God is capable of so much more than we give Him credit for sometimes. He cares about so many more “little” things than we think He does. He will grant us wisdom and providence and guidance in any area of life, if only we believe that He will. If only we believe it enough to actually bring the problem to Him. (And it’s crucial that we take the time to listen and commit to being obedient. These are essential for having the kind of life God wants for us.)
So let’s not limit Him by our foggy understanding and limited vision. Let’s start living like He is the mysterious, powerful, involved, capable, concerned, and compassionate God that He is. Let’s have faith that He cares and that He will help us in our time of need, in His time and in His way.
(It is so important to remember this when we ask for His help: It always comes in His time and in His way. But it comes! The answer may be “yes” or “no” or “not yet,” but He always answers. And don’t forget that extended periods of God’s silence are necessary steps on the path to spiritual maturity. It doesn’t mean He’s ignoring you or abandoned you. He’s just giving you time to discover and wrestle with what’s really inside of you: doubts, fears, misunderstanding, sins, heart idols, etc. He’s waiting for you to see the ugly truths about yourself and the broken parts of yourself so that He can lead you to humility, healing, and spiritual growth and maturity. And His silence about a prayer request could also mean that He’s in the process of answering your prayers – of setting the stage – and you simply need to be patient and wait on Him. His answers often come a lot slower than we wish they would. But when they come, they are right and good.)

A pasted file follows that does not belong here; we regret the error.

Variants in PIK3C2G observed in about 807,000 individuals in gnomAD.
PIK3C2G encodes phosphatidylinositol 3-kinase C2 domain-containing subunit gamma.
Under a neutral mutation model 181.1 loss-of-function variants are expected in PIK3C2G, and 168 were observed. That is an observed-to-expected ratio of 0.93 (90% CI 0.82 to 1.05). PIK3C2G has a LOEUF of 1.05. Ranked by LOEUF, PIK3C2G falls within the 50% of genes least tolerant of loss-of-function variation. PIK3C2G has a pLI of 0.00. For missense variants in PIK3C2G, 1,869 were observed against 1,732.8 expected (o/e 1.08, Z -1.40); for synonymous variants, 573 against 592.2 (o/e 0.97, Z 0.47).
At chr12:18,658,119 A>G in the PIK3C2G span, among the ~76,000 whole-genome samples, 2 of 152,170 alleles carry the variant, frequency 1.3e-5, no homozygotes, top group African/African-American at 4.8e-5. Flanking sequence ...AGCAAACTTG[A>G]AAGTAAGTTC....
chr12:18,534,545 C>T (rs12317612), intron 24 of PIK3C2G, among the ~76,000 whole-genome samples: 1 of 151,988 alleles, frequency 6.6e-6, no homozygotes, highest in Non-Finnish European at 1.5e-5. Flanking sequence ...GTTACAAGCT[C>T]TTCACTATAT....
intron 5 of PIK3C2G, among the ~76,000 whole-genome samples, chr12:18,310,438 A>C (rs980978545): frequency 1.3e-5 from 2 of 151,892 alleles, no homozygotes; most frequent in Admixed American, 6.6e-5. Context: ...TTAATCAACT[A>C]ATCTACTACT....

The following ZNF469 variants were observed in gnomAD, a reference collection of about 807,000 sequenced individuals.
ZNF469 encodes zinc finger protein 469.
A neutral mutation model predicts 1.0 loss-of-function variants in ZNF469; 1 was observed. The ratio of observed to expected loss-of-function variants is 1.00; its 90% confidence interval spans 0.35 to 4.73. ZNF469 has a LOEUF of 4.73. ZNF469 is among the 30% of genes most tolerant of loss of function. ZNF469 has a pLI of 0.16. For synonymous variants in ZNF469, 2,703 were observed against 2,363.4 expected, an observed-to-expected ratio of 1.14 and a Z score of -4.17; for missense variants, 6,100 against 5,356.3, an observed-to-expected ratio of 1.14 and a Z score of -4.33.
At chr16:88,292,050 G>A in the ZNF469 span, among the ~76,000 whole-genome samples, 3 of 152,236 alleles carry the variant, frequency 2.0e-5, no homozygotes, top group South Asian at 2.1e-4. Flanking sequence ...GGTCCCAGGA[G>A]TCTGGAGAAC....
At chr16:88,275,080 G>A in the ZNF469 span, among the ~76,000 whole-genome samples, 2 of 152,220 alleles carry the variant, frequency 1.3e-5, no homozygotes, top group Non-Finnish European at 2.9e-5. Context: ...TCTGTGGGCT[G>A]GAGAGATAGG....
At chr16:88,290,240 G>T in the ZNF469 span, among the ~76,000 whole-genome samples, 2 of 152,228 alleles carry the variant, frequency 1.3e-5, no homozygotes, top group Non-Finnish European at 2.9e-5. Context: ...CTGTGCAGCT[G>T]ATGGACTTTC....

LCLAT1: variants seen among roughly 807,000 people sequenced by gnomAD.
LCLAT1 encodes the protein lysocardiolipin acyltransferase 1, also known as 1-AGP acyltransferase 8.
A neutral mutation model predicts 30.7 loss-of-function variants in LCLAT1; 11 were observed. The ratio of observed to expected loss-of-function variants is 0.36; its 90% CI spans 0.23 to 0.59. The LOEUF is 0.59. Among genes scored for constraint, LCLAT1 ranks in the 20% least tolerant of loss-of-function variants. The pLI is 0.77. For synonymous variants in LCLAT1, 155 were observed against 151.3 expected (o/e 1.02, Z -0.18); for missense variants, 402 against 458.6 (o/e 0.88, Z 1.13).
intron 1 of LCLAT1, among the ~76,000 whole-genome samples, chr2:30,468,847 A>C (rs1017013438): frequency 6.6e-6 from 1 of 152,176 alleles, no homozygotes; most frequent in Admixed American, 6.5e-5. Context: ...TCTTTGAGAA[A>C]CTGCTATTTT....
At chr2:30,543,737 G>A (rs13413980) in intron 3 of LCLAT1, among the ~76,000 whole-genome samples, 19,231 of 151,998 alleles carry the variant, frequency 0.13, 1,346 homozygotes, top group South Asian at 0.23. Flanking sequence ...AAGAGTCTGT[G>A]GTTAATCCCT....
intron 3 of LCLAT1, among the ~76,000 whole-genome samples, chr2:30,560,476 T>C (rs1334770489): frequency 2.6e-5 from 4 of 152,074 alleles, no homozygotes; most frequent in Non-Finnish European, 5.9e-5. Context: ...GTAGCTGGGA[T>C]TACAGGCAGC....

He is capable of so much more than we live like He is. We just have to have faith enough to believe this and act on it, and then have faith enough to trust Him no matter how He answers. May it never be said of us that our lack of faith prevented Him from doing wonderful, miraculous things in and with our lives. But instead may we be known as people who believe that He is “able to do immeasurably more than all we ask or imagine, according to his power that is at work in us . . .” (Eph. 3:20) For His Kingdom and His glory! Amen